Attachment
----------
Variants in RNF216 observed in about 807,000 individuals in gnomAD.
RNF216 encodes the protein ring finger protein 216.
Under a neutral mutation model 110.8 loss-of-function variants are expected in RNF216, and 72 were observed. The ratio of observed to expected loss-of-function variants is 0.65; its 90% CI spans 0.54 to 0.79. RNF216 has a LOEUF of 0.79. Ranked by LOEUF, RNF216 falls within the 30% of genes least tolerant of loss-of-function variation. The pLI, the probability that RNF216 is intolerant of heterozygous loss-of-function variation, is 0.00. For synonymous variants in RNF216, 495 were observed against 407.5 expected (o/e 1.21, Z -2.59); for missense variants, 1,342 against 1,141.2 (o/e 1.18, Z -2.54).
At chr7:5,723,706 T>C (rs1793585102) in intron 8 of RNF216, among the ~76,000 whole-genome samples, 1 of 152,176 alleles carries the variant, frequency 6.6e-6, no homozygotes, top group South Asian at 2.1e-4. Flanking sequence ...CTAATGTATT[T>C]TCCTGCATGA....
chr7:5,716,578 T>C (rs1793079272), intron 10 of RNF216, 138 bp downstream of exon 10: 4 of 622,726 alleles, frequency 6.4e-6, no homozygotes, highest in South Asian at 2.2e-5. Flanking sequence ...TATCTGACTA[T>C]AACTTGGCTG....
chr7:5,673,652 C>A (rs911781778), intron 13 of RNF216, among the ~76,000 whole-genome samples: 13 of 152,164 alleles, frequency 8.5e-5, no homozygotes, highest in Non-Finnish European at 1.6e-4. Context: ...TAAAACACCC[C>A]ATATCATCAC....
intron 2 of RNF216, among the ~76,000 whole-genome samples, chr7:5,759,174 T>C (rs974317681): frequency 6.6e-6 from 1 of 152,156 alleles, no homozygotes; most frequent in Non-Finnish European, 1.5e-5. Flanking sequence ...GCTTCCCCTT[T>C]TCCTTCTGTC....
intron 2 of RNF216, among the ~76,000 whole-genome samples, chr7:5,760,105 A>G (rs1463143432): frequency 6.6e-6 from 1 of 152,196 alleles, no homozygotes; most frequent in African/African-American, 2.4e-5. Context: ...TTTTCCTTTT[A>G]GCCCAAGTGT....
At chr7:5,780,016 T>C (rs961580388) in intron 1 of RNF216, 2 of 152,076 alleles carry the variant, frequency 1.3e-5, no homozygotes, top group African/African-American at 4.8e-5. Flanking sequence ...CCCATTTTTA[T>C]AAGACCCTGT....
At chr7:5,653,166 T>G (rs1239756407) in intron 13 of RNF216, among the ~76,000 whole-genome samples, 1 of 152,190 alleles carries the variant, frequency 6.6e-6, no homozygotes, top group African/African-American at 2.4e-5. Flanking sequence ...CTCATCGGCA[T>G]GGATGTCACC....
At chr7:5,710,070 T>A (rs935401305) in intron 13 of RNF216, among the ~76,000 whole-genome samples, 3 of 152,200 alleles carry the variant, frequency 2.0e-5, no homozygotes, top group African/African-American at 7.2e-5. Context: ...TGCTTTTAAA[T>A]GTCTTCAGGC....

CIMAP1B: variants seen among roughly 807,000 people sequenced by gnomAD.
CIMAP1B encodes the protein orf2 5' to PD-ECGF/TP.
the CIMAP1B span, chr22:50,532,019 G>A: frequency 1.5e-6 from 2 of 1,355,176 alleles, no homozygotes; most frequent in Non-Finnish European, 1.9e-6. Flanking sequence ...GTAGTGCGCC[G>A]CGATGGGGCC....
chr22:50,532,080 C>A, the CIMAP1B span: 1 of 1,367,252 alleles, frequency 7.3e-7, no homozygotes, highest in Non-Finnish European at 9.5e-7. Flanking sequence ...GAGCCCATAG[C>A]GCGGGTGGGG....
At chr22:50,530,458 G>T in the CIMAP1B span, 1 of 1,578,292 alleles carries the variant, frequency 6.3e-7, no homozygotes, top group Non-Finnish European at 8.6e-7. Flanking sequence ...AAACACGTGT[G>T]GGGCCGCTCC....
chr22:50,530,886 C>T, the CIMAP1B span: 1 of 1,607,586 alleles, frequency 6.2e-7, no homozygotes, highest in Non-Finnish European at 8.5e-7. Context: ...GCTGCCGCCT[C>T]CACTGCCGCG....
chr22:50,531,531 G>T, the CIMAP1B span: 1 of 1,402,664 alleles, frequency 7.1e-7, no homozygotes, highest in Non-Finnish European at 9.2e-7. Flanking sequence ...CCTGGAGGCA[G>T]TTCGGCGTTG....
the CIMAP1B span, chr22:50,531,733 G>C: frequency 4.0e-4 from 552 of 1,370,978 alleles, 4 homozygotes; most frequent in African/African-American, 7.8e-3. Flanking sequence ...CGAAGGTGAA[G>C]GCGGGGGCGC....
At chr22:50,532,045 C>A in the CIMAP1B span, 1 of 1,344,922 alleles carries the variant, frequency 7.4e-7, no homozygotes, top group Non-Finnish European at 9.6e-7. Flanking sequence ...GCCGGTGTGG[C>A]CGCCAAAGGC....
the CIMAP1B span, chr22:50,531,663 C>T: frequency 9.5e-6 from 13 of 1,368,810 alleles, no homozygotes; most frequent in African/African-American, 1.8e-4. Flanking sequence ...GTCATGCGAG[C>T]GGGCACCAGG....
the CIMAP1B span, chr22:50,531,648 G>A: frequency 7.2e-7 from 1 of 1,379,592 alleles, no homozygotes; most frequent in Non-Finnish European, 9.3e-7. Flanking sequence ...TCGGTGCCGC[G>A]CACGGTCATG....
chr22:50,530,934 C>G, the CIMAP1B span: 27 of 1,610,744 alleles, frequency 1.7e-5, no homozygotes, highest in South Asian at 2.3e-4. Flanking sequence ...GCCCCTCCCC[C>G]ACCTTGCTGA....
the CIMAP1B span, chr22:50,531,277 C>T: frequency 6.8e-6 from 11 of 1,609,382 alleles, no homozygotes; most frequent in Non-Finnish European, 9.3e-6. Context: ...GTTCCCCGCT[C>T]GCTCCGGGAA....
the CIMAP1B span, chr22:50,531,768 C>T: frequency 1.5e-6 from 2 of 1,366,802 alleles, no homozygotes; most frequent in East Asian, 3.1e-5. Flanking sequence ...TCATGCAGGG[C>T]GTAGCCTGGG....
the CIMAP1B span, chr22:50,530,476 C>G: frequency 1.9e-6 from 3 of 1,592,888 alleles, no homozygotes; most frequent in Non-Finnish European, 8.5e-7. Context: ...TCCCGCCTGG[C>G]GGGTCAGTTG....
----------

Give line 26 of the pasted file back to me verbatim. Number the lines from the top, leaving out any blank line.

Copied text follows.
the CIMAP1B span, chr22:50,530,476 C>G: frequency 1.9e-6 from 3 of 1,592,888 alleles, no homozygotes; most frequent in Non-Finnish European, 8.5e-7. Context: ...TCCCGCCTGG[C>G]GGGTCAGTTG....